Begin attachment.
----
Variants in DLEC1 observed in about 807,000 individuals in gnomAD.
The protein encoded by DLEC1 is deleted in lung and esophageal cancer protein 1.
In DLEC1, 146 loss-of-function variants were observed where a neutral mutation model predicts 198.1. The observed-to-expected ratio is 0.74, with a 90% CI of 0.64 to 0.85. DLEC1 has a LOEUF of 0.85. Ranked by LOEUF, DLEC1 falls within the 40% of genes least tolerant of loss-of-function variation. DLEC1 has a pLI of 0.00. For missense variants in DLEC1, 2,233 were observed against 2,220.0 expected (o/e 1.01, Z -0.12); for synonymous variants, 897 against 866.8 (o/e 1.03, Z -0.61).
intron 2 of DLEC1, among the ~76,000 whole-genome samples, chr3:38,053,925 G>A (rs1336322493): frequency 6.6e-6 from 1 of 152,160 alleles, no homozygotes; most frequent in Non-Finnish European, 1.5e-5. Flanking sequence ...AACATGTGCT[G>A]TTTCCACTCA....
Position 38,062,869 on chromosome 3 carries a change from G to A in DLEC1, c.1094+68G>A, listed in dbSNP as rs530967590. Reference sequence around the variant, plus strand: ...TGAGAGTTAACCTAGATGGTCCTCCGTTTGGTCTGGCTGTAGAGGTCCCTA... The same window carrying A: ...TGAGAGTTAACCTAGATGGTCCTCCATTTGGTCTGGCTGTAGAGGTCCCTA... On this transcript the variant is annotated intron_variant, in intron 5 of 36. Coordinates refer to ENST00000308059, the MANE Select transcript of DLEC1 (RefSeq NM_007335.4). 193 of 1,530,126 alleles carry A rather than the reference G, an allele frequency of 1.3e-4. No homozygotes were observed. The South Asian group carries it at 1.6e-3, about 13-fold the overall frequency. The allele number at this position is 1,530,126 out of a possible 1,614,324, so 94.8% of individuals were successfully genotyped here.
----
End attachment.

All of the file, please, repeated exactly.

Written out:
Variants in DLEC1 observed in about 807,000 individuals in gnomAD.
The protein encoded by DLEC1 is deleted in lung and esophageal cancer protein 1.
In DLEC1, 146 loss-of-function variants were observed where a neutral mutation model predicts 198.1. The observed-to-expected ratio is 0.74, with a 90% CI of 0.64 to 0.85. DLEC1 has a LOEUF of 0.85. Ranked by LOEUF, DLEC1 falls within the 40% of genes least tolerant of loss-of-function variation. DLEC1 has a pLI of 0.00. For missense variants in DLEC1, 2,233 were observed against 2,220.0 expected (o/e 1.01, Z -0.12); for synonymous variants, 897 against 866.8 (o/e 1.03, Z -0.61).
intron 2 of DLEC1, among the ~76,000 whole-genome samples, chr3:38,053,925 G>A (rs1336322493): frequency 6.6e-6 from 1 of 152,160 alleles, no homozygotes; most frequent in Non-Finnish European, 1.5e-5. Flanking sequence ...AACATGTGCT[G>A]TTTCCACTCA....
Position 38,062,869 on chromosome 3 carries a change from G to A in DLEC1, c.1094+68G>A, listed in dbSNP as rs530967590. Reference sequence around the variant, plus strand: ...TGAGAGTTAACCTAGATGGTCCTCCGTTTGGTCTGGCTGTAGAGGTCCCTA... The same window carrying A: ...TGAGAGTTAACCTAGATGGTCCTCCATTTGGTCTGGCTGTAGAGGTCCCTA... On this transcript the variant is annotated intron_variant, in intron 5 of 36. Coordinates refer to ENST00000308059, the MANE Select transcript of DLEC1 (RefSeq NM_007335.4). 193 of 1,530,126 alleles carry A rather than the reference G, an allele frequency of 1.3e-4. No homozygotes were observed. The South Asian group carries it at 1.6e-3, about 13-fold the overall frequency. The allele number at this position is 1,530,126 out of a possible 1,614,324, so 94.8% of individuals were successfully genotyped here.